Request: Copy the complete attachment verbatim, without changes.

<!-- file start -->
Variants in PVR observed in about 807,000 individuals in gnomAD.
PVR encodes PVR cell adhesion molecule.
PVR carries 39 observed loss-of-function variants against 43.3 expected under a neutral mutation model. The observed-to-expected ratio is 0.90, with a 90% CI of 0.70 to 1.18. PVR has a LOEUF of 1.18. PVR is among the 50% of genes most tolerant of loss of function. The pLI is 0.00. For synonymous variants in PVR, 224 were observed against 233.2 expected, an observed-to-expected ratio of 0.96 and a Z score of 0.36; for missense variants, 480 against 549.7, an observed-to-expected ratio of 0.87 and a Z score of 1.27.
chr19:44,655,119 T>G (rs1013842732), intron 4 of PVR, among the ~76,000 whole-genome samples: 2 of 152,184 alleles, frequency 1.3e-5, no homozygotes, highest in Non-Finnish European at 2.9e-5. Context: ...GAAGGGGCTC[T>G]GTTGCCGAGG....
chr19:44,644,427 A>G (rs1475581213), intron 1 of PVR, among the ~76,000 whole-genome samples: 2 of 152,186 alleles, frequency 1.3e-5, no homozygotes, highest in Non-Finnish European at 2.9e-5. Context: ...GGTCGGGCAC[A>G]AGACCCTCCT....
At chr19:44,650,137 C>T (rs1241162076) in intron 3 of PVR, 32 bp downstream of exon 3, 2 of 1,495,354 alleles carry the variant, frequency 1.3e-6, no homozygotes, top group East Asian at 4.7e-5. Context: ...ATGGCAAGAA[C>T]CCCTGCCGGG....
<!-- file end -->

Variants in PVR observed in about 807,000 individuals in gnomAD.
PVR encodes PVR cell adhesion molecule.
PVR carries 39 observed loss-of-function variants against 43.3 expected under a neutral mutation model. The observed-to-expected ratio is 0.90, with a 90% CI of 0.70 to 1.18. PVR has a LOEUF of 1.18. PVR is among the 50% of genes most tolerant of loss of function. The pLI is 0.00. For synonymous variants in PVR, 224 were observed against 233.2 expected, an observed-to-expected ratio of 0.96 and a Z score of 0.36; for missense variants, 480 against 549.7, an observed-to-expected ratio of 0.87 and a Z score of 1.27.
chr19:44,655,119 T>G (rs1013842732), intron 4 of PVR, among the ~76,000 whole-genome samples: 2 of 152,184 alleles, frequency 1.3e-5, no homozygotes, highest in Non-Finnish European at 2.9e-5. Context: ...GAAGGGGCTC[T>G]GTTGCCGAGG....
chr19:44,644,427 A>G (rs1475581213), intron 1 of PVR, among the ~76,000 whole-genome samples: 2 of 152,186 alleles, frequency 1.3e-5, no homozygotes, highest in Non-Finnish European at 2.9e-5. Context: ...GGTCGGGCAC[A>G]AGACCCTCCT....
At chr19:44,650,137 C>T (rs1241162076) in intron 3 of PVR, 32 bp downstream of exon 3, 2 of 1,495,354 alleles carry the variant, frequency 1.3e-6, no homozygotes, top group East Asian at 4.7e-5. Context: ...ATGGCAAGAA[C>T]CCCTGCCGGG....